Betting on better public transport


Opportunity costs are something that macroeconomists and town planners need to consider seriously where traffic congestion is concerned. Asian urban centres used to be synonymous with massive jams. Not any more, at least in cities where political will, urban vision, bureaucratic efficiency, and a consultative culture can be found. Malaysia belongs to one of those countries where economic progress has worsened – and indeed hitchhiked on the back of – excessive car ownership. The country can ill afford precious time being wasted by productive people stuck on the roads.

THE IMAGE OF a CEO with a full business suit opting to hop onto an LRT or monorail instead of taking his chauffeur-driven car is not one we Malaysians can easily imagine, although this is common practice in countries with an efficient public transport system. Singapore, for example, has more than 60% of its population taking public transport, a drastic difference from Malaysia, where the corresponding figure is only 10%.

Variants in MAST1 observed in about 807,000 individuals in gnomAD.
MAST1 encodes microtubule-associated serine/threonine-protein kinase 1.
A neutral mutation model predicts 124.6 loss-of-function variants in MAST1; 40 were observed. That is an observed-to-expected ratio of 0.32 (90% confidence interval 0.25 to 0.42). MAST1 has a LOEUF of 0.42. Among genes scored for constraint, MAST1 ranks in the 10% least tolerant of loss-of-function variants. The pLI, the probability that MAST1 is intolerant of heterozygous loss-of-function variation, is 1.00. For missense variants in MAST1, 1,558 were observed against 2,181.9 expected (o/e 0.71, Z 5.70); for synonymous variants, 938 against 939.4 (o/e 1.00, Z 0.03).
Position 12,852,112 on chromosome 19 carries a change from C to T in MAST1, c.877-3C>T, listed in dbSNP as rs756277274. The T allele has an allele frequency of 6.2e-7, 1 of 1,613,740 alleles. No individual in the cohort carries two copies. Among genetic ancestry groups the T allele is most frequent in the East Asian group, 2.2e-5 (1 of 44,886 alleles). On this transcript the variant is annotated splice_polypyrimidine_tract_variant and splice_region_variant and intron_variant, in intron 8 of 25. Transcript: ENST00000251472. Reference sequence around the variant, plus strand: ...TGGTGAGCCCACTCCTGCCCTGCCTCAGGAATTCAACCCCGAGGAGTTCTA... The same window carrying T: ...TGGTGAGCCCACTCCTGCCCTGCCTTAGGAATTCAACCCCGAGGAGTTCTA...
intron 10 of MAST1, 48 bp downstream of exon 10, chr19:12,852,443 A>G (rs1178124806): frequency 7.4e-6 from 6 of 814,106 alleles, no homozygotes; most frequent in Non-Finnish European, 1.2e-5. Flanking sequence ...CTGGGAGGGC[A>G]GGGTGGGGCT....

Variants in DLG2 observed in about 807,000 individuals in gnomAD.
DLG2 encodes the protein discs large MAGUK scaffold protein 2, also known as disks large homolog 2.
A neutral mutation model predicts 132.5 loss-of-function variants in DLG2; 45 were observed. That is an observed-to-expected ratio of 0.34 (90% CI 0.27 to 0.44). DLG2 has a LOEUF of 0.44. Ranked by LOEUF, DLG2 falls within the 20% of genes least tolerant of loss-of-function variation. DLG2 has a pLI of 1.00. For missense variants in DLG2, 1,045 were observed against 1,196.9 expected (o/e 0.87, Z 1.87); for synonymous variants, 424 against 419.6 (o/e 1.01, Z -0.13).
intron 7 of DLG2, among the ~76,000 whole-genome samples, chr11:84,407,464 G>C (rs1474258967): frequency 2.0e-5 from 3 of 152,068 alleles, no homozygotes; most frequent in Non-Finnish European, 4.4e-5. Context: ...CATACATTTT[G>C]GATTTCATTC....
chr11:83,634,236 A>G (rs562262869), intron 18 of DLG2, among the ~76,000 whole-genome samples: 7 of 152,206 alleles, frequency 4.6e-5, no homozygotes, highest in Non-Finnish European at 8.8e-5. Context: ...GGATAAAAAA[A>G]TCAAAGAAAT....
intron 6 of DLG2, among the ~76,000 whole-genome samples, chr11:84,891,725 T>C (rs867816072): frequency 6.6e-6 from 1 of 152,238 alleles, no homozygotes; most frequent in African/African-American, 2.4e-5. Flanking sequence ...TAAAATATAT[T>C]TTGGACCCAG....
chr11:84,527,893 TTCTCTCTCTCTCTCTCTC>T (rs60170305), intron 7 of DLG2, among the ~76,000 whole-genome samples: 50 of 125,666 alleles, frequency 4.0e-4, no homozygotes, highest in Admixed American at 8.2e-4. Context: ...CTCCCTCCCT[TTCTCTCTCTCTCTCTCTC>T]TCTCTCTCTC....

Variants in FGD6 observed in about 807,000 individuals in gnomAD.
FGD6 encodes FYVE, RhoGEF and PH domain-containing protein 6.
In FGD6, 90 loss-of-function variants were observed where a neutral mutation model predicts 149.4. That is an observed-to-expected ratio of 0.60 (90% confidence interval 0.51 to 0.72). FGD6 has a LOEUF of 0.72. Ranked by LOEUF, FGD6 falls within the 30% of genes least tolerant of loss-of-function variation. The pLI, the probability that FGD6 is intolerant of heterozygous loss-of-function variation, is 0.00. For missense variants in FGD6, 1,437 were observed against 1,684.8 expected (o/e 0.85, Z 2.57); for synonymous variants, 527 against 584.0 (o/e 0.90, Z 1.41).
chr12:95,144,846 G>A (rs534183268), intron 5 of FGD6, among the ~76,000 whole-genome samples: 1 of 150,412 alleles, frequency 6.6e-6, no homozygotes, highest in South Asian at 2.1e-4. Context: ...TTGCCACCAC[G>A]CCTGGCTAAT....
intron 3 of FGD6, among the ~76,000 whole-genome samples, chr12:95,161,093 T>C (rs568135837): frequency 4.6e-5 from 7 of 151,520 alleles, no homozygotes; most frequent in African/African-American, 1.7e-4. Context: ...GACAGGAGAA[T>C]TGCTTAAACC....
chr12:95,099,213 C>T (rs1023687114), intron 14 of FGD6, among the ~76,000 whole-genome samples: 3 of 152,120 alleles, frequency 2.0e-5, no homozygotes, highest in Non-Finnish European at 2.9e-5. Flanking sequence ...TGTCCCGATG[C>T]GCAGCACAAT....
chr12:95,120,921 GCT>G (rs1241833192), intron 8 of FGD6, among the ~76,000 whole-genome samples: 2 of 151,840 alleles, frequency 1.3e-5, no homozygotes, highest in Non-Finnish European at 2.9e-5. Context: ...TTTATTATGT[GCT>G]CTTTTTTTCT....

Today, only 60% of the population resides within 400 metres of a public transport route. Anyone residing in Penang or the Klang Valley can testify to horrid traffic jams and endless hours wasted weaving through a daily gridlock on the road.

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